Over the past few months our world has changed significantly. We had to abruptly leave the physical proximity of our staff, our colleagues and our clients to enter a world of social distance. What had once seemed commonplace became scary. No more in-person meetings with clients. No more in-person collaborative team meetings.
Collaborative professionals are by nature creative and innovative. We seek those “out of the box” solutions that meet the interests and needs of our clients that may not fit within the framework of how things are usually done. With baby steps and then broad leaps many of us moved into virtual meeting platforms to continue to provide collaborative services to our clients remotely that we previously provided face to face. We found a new way.
Once again the world changed. Florida has gone from “Stay-At-Home” to “Phase 1” of the reopening. While not everyone has returned to their offices, in time that will occur. Even though there is a natural tendency to drift back to the old habits and the old methods of doing things, these past few months have demonstrated that there is a world of opportunity to collaborative professionals who are willing and able to function in a virtual collaborative process.
We have a golden opportunity to expand the network of collaborative professionals with whom we work because for the first time we are not bound by the physical geography of our communities or of our client’s financial resources. Regardless of whether you are a devotee of Zoom, or Microsoft Teams, or Google Meet, these platforms give us the ability to truly have a statewide practice. There is no reason why a collaborative professional in Miami could not represent a client in Ocala as part of a team involving other collaborative professionals from Jacksonville and Tampa. Since we have shown ourselves that it is possible to represent our existing local clients and shepherd them through the collaborative process remotely using these virtual means, there is no reason why we should not seek out clients statewide. The benefits of the collaborative process can be offered now just as easily across the state as they can be across town.
A virtual collaborative process also offers the possibility of reduced cost for the participants and the professionals. The time set aside on your calendar for the team meeting will no longer need to be book-ended with travel time. That permits us to work on other matters in timeframes that might have been relegated to traffic.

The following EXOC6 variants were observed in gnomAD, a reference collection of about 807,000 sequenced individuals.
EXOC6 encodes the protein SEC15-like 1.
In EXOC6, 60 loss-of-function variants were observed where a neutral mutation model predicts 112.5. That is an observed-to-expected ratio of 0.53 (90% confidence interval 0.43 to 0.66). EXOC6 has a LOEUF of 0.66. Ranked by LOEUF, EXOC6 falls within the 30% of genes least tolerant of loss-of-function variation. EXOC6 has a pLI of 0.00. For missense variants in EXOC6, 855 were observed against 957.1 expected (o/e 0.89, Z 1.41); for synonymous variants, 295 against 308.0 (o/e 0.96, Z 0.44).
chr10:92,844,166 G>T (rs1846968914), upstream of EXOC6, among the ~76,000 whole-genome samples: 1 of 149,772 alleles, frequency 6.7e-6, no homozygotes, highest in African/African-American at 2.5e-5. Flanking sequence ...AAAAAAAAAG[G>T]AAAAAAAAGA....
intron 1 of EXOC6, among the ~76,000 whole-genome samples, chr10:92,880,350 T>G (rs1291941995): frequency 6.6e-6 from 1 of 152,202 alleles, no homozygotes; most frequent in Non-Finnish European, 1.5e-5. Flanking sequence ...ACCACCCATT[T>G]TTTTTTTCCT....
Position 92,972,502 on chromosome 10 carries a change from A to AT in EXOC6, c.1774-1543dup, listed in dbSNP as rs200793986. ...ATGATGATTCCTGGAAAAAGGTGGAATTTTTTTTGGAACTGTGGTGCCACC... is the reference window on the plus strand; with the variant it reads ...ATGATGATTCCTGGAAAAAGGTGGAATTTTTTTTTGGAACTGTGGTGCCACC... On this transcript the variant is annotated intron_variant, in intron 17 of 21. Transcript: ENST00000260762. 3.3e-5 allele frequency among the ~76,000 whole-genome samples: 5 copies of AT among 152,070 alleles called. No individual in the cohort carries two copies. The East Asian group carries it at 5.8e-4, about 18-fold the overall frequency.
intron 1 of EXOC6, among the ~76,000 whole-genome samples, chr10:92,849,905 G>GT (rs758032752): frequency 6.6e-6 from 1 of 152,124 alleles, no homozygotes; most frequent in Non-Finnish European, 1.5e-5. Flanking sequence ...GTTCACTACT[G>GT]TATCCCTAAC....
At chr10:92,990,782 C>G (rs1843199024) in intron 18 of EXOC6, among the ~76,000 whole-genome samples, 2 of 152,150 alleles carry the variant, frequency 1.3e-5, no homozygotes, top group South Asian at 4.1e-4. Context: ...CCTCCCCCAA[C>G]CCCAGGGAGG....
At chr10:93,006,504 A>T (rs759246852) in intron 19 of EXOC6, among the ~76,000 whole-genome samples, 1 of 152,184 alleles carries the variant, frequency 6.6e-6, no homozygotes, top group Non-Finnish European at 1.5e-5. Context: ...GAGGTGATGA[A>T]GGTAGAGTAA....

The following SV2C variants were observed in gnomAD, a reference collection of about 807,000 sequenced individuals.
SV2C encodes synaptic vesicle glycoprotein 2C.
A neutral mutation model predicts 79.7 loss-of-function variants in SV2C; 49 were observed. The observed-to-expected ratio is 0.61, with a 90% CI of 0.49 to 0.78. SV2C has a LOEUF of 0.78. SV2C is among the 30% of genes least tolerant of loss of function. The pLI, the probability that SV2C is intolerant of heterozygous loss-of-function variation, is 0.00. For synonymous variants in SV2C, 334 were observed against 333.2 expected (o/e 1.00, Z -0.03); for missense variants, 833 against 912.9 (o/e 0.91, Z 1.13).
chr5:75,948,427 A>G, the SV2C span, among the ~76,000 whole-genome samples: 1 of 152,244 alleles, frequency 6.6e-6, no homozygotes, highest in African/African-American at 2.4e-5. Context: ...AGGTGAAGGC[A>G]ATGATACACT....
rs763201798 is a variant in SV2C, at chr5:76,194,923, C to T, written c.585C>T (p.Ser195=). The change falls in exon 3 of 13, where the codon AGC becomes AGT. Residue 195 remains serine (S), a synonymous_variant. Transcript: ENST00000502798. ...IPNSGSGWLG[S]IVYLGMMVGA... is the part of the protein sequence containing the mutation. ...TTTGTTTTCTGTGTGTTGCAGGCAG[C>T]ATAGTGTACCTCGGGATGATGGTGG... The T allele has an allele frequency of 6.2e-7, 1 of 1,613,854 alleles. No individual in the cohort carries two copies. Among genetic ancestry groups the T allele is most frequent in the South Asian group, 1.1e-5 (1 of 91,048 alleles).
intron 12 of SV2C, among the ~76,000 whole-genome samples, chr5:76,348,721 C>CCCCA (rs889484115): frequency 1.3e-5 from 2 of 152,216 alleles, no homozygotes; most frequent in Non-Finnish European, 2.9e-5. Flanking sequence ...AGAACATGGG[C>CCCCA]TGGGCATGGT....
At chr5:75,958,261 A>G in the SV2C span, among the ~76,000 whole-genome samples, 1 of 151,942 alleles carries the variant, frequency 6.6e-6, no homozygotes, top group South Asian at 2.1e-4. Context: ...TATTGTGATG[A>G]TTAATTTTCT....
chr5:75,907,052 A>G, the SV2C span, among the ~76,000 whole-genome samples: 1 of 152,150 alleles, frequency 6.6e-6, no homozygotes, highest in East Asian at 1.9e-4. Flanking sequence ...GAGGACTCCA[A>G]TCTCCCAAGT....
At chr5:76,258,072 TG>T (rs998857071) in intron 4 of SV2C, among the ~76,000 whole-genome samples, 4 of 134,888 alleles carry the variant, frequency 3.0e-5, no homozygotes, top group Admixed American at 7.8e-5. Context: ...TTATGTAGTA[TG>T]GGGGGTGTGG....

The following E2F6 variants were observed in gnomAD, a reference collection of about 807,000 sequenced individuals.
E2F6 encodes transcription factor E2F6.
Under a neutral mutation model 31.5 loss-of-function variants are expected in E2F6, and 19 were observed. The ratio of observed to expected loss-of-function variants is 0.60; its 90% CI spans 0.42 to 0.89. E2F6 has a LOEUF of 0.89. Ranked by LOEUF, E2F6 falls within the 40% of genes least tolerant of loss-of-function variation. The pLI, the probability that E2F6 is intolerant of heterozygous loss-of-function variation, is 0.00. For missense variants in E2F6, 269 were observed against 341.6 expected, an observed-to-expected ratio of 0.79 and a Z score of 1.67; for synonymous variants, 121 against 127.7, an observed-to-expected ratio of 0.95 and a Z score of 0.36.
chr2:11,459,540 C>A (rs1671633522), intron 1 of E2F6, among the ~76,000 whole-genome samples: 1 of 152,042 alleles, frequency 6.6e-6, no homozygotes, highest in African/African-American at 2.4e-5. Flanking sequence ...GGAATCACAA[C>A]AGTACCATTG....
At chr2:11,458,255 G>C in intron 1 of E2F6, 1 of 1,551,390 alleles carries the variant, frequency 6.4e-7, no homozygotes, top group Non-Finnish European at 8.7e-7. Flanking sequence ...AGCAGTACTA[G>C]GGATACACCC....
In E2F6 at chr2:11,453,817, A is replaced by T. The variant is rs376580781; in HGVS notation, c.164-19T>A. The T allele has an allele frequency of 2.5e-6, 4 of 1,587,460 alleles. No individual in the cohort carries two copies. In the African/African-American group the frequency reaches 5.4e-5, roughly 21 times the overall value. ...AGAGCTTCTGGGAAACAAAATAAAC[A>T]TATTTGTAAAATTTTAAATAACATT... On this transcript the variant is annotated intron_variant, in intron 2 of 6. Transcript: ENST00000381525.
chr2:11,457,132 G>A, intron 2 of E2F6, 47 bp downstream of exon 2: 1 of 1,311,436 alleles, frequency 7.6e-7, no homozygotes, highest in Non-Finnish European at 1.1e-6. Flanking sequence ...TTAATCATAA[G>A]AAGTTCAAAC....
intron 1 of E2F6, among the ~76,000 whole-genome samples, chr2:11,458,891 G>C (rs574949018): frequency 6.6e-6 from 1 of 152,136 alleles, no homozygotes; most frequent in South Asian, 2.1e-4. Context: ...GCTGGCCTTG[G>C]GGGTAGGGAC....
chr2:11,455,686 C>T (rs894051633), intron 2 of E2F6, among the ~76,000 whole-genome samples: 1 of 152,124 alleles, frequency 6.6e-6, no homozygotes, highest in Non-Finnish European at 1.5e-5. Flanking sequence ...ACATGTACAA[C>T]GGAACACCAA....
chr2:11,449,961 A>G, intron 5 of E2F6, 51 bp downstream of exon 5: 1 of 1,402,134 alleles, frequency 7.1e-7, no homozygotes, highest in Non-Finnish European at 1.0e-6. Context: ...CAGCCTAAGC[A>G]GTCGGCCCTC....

Seeing opportunities is not the same as seizing them. Just as we had to change our practice paradigm to adjust to the world of social distance, we will need to change our networking paradigm to move into this new virtual world of opportunities.
We should seek out local practice groups in other communities that are hosting virtual meetings. These are opportunities to introduce ourselves to potential team members with whom we would not previously have had the ability to collaborate. These opportunities operate in both directions. We can participate in teams for cases occurring elsewhere and we can invite professionals from other communities into teams for cases happening in our locality. Such interchange of ideas and experience benefits our clients and aids in our professional growth.
We should make use of the membership directory on the FACP website to find collaborative professionals in other parts of the state and invite them to a virtual coffee. A phone call is only so good. Face to face, even a virtual face to face, can help make connections that could lead to opportunities to work together. And even if those connections do not ultimately result in new cases, you may still develop friendships so that when we are able to come together for statewide conferences there are more friends than strangers in the room.
These are not the only avenues. We need to be creative and “out of the box.” As one of my mentors used to say, we are only limited by our own creativity.
The future of collaborative practice now has a virtual component. It is up to each of us to make the most of it. I look forward to collaborating with you virtually.
Matthew E. Thatcher is a partner at the Solomon Law Group, P.A. in Tampa, Florida. Mr. Thatcher is Board Certified in Marital and Family Law by the Florida Bar. Mr. Thatcher is a Co-Chair for Next Generation Divorce and a Co-Chair for the FACP Outreach Committee. Mr. Thatcher is also a Fellow in the Inaugural Class of the FACP Leadership Institute.
President’s Update – May 2023
I am intentionally writing this letter on Mother’s Day. On Mother’s Day, we celebrate the mothers we know and love and the mothers and grandmothers who have passed.